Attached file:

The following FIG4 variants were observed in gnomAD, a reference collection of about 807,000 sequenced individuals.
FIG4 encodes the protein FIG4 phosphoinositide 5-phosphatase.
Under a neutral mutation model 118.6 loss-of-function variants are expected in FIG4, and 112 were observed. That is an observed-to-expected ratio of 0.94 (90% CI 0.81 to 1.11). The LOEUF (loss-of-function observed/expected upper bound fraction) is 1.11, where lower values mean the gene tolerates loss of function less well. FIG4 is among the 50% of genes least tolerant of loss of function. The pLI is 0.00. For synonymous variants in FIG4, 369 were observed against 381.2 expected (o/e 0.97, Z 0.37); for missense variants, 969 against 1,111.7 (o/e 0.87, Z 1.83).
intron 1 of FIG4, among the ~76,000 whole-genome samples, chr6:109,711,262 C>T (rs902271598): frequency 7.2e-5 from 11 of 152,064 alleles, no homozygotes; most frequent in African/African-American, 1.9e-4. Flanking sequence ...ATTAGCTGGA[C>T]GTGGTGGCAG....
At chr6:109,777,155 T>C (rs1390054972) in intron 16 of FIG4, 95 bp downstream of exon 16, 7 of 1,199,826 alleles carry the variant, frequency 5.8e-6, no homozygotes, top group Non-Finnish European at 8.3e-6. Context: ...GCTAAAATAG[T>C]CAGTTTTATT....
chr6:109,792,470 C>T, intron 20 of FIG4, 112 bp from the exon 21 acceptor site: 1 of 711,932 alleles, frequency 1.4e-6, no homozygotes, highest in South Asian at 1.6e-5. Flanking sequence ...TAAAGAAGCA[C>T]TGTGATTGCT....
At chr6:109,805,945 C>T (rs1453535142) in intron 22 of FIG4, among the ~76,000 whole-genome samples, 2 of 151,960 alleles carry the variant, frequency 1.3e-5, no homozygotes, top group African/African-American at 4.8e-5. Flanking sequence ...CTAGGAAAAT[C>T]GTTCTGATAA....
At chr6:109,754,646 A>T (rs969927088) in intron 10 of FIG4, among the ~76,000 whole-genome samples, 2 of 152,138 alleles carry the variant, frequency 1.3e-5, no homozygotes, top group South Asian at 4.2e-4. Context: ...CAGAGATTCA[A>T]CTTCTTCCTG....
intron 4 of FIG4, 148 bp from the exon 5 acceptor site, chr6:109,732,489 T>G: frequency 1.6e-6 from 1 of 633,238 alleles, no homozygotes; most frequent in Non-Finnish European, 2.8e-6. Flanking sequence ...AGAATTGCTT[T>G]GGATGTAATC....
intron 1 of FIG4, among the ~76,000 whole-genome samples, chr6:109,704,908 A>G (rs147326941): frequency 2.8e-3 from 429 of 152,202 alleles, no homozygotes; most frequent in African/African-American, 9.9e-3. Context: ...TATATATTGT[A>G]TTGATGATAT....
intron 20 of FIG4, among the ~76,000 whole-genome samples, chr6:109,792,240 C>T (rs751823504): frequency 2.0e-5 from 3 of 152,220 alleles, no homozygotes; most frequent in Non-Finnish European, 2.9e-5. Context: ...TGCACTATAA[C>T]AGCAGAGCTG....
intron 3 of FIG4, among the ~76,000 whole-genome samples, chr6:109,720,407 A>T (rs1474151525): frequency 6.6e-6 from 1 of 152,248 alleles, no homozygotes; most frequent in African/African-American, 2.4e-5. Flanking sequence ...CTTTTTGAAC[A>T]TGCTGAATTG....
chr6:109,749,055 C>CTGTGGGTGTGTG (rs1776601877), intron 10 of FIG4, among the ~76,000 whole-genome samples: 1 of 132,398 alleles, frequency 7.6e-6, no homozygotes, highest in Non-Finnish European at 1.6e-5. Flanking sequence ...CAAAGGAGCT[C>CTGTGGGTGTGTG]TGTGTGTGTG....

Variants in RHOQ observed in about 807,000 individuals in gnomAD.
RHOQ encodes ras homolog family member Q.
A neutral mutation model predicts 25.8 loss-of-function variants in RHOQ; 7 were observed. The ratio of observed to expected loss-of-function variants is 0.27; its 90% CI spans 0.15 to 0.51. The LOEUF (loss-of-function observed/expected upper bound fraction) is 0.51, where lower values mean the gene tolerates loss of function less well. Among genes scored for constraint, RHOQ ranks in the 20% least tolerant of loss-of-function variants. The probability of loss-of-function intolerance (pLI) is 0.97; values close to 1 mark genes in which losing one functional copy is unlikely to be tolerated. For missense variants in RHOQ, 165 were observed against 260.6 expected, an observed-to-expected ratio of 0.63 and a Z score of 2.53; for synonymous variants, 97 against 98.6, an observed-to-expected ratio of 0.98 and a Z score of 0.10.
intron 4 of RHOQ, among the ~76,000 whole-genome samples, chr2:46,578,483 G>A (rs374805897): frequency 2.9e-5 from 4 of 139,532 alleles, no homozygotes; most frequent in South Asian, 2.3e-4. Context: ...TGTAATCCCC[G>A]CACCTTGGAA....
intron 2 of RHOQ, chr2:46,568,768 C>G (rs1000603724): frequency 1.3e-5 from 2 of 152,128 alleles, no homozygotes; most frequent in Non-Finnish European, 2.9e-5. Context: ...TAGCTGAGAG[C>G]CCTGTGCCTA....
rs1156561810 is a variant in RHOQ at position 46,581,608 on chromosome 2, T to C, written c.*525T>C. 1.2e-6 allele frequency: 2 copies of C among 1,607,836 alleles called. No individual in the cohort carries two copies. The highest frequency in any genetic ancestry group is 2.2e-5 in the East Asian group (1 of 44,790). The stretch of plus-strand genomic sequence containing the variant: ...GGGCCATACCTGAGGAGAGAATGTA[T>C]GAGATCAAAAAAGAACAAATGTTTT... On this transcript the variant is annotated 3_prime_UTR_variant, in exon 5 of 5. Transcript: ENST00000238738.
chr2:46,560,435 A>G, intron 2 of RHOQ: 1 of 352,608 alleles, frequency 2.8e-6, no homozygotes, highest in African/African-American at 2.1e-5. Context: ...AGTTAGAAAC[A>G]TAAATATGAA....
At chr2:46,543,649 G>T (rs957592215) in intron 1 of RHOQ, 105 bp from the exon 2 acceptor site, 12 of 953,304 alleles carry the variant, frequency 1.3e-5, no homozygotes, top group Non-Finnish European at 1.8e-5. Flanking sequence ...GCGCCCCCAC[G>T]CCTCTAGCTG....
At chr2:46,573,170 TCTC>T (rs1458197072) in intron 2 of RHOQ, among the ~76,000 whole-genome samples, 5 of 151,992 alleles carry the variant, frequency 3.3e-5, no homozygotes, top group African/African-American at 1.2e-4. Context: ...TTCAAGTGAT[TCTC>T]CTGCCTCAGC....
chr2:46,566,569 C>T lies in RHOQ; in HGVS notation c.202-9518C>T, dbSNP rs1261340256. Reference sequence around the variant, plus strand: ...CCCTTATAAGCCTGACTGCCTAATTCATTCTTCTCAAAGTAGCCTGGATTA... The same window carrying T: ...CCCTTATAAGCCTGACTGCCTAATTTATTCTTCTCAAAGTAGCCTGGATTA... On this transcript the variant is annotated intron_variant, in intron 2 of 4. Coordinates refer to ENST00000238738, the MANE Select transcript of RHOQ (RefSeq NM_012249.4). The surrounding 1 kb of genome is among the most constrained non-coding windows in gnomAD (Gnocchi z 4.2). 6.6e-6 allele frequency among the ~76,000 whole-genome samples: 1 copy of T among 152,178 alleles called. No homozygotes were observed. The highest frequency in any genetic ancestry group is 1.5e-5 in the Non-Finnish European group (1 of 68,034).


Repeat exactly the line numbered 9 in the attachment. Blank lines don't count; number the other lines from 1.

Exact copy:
intron 4 of FIG4, 148 bp from the exon 5 acceptor site, chr6:109,732,489 T>G: frequency 1.6e-6 from 1 of 633,238 alleles, no homozygotes; most frequent in Non-Finnish European, 2.8e-6. Flanking sequence ...AGAATTGCTT[T>G]GGATGTAATC....